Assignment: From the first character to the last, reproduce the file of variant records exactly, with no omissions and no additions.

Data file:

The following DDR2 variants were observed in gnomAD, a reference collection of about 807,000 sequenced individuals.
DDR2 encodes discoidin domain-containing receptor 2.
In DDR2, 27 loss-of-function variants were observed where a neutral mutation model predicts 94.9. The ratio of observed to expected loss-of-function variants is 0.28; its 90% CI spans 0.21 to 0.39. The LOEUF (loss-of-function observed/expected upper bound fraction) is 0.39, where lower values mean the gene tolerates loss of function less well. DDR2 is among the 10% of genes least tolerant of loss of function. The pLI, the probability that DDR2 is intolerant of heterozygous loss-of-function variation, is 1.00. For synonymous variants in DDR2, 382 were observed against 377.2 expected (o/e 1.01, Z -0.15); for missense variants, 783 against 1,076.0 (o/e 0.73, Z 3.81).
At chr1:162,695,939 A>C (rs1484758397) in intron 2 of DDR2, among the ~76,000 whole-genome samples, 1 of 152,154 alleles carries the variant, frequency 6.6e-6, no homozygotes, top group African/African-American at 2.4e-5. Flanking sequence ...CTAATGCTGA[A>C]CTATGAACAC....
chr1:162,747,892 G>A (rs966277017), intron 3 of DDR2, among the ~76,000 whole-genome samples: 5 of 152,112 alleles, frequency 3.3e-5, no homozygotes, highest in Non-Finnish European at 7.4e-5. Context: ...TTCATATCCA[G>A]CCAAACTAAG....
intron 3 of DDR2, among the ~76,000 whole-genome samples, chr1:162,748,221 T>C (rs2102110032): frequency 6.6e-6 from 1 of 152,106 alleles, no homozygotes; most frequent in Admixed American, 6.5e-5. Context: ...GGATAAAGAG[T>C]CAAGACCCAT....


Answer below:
The following DDR2 variants were observed in gnomAD, a reference collection of about 807,000 sequenced individuals.
DDR2 encodes discoidin domain-containing receptor 2.
In DDR2, 27 loss-of-function variants were observed where a neutral mutation model predicts 94.9. The ratio of observed to expected loss-of-function variants is 0.28; its 90% CI spans 0.21 to 0.39. The LOEUF (loss-of-function observed/expected upper bound fraction) is 0.39, where lower values mean the gene tolerates loss of function less well. DDR2 is among the 10% of genes least tolerant of loss of function. The pLI, the probability that DDR2 is intolerant of heterozygous loss-of-function variation, is 1.00. For synonymous variants in DDR2, 382 were observed against 377.2 expected (o/e 1.01, Z -0.15); for missense variants, 783 against 1,076.0 (o/e 0.73, Z 3.81).
At chr1:162,695,939 A>C (rs1484758397) in intron 2 of DDR2, among the ~76,000 whole-genome samples, 1 of 152,154 alleles carries the variant, frequency 6.6e-6, no homozygotes, top group African/African-American at 2.4e-5. Flanking sequence ...CTAATGCTGA[A>C]CTATGAACAC....
chr1:162,747,892 G>A (rs966277017), intron 3 of DDR2, among the ~76,000 whole-genome samples: 5 of 152,112 alleles, frequency 3.3e-5, no homozygotes, highest in Non-Finnish European at 7.4e-5. Context: ...TTCATATCCA[G>A]CCAAACTAAG....
intron 3 of DDR2, among the ~76,000 whole-genome samples, chr1:162,748,221 T>C (rs2102110032): frequency 6.6e-6 from 1 of 152,106 alleles, no homozygotes; most frequent in Admixed American, 6.5e-5. Context: ...GGATAAAGAG[T>C]CAAGACCCAT....